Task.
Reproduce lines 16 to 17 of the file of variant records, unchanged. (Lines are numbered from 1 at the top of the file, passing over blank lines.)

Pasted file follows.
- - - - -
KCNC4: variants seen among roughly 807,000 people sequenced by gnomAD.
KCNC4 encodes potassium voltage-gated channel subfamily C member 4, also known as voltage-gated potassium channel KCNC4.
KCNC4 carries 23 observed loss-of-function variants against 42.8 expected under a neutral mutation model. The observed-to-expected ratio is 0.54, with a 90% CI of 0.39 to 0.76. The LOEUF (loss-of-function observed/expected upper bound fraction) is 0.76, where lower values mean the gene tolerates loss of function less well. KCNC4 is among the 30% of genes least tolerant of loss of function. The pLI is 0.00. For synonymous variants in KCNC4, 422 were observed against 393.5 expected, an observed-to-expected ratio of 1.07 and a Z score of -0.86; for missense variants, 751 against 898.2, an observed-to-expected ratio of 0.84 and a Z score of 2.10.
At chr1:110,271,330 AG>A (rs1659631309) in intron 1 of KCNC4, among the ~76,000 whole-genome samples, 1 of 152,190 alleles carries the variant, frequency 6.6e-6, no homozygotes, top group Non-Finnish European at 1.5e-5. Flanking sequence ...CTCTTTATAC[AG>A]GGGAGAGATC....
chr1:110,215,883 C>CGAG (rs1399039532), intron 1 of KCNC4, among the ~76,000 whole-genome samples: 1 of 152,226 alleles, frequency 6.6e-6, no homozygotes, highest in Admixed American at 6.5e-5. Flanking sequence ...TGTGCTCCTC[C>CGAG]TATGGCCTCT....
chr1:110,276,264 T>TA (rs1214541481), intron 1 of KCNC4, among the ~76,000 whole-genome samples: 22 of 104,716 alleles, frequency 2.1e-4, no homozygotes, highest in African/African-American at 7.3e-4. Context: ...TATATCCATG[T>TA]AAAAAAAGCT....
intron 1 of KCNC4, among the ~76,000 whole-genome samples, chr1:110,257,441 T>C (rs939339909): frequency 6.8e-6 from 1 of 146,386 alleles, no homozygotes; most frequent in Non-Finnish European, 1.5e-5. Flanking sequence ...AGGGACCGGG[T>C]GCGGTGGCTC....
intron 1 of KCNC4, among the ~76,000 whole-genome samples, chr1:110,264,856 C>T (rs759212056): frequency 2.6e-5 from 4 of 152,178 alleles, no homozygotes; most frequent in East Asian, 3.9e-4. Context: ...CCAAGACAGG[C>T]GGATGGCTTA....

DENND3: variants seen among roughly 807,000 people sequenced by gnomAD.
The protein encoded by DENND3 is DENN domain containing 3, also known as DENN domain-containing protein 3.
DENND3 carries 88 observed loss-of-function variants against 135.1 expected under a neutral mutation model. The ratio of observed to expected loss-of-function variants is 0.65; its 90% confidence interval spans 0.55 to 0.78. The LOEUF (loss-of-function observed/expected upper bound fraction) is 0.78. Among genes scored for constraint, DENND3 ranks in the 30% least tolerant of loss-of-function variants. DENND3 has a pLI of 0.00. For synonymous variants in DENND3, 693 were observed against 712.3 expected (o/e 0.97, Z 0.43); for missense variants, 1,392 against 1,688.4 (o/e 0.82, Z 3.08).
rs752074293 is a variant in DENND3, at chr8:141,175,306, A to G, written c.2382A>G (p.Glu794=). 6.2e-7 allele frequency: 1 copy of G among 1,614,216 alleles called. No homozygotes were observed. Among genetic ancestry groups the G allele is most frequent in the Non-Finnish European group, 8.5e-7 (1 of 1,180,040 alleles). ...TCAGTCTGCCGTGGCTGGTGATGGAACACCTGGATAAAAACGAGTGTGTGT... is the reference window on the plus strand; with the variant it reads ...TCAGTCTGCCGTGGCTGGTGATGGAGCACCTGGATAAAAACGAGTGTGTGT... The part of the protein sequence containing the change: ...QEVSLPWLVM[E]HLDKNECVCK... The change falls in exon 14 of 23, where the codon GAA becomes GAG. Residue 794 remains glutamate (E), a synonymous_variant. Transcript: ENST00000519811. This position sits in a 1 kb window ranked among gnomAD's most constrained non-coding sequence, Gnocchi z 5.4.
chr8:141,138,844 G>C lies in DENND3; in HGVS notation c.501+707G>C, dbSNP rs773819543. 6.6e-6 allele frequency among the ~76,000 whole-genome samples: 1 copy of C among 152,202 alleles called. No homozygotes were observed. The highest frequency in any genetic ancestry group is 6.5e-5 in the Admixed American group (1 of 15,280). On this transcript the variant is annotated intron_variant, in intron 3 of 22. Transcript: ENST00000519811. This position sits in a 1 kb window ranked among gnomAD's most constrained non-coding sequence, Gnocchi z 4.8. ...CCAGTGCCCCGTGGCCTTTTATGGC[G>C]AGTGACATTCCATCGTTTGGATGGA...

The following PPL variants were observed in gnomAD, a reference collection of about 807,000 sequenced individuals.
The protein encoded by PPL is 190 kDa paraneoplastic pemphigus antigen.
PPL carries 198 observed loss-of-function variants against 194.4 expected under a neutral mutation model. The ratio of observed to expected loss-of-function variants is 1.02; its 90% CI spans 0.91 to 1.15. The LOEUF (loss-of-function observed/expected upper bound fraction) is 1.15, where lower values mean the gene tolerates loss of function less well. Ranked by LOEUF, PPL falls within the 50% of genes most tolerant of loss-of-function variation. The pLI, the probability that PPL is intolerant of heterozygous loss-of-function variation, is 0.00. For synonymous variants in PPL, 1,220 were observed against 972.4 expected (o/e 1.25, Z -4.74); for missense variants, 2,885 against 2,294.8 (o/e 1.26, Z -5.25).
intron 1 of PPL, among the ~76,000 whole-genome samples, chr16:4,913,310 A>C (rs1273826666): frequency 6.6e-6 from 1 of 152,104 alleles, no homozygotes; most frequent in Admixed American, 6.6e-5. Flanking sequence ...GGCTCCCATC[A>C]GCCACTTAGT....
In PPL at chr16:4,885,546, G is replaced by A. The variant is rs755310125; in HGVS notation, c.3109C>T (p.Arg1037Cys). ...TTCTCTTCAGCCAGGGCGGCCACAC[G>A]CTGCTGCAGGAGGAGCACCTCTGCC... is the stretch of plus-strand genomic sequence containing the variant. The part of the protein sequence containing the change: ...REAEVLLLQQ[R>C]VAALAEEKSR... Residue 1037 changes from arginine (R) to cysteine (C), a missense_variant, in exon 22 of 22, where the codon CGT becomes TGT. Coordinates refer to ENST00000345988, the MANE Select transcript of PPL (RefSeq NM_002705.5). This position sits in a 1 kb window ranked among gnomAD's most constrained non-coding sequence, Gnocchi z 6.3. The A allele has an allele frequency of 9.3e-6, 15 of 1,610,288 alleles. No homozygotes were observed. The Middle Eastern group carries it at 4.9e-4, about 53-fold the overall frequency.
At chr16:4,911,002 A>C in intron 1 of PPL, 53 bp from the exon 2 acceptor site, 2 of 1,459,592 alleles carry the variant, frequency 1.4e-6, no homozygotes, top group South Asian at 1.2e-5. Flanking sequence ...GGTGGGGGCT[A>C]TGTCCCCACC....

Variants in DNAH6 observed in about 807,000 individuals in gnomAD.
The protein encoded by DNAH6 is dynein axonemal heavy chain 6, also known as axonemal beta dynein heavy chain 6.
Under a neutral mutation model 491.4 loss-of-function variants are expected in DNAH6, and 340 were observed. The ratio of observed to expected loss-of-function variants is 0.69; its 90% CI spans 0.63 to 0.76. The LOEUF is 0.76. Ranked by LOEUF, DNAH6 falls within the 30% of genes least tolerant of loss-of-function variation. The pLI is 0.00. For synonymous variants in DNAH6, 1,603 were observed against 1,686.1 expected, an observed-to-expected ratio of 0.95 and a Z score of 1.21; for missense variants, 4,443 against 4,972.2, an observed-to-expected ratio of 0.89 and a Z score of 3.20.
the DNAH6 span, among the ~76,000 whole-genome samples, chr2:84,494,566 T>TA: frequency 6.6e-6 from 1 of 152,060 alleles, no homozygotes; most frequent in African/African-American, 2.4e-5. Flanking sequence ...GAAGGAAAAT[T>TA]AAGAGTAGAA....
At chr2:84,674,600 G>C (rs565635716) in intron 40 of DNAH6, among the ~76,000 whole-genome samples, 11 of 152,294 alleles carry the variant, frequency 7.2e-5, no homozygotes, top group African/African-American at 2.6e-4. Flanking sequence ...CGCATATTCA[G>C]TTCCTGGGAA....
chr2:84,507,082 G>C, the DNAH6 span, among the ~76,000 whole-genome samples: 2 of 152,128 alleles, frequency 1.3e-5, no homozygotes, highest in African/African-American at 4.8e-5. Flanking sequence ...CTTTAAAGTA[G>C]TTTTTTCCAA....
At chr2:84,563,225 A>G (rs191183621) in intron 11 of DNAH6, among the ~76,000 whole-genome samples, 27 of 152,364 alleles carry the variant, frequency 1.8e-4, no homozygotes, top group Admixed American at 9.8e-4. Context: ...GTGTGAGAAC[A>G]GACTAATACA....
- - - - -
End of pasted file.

PPL carries 198 observed loss-of-function variants against 194.4 expected under a neutral mutation model. The ratio of observed to expected loss-of-function variants is 1.02; its 90% CI spans 0.91 to 1.15. The LOEUF (loss-of-function observed/expected upper bound fraction) is 1.15, where lower values mean the gene tolerates loss of function less well. Ranked by LOEUF, PPL falls within the 50% of genes most tolerant of loss-of-function variation. The pLI, the probability that PPL is intolerant of heterozygous loss-of-function variation, is 0.00. For synonymous variants in PPL, 1,220 were observed against 972.4 expected (o/e 1.25, Z -4.74); for missense variants, 2,885 against 2,294.8 (o/e 1.26, Z -5.25).
intron 1 of PPL, among the ~76,000 whole-genome samples, chr16:4,913,310 A>C (rs1273826666): frequency 6.6e-6 from 1 of 152,104 alleles, no homozygotes; most frequent in Admixed American, 6.6e-5. Flanking sequence ...GGCTCCCATC[A>C]GCCACTTAGT....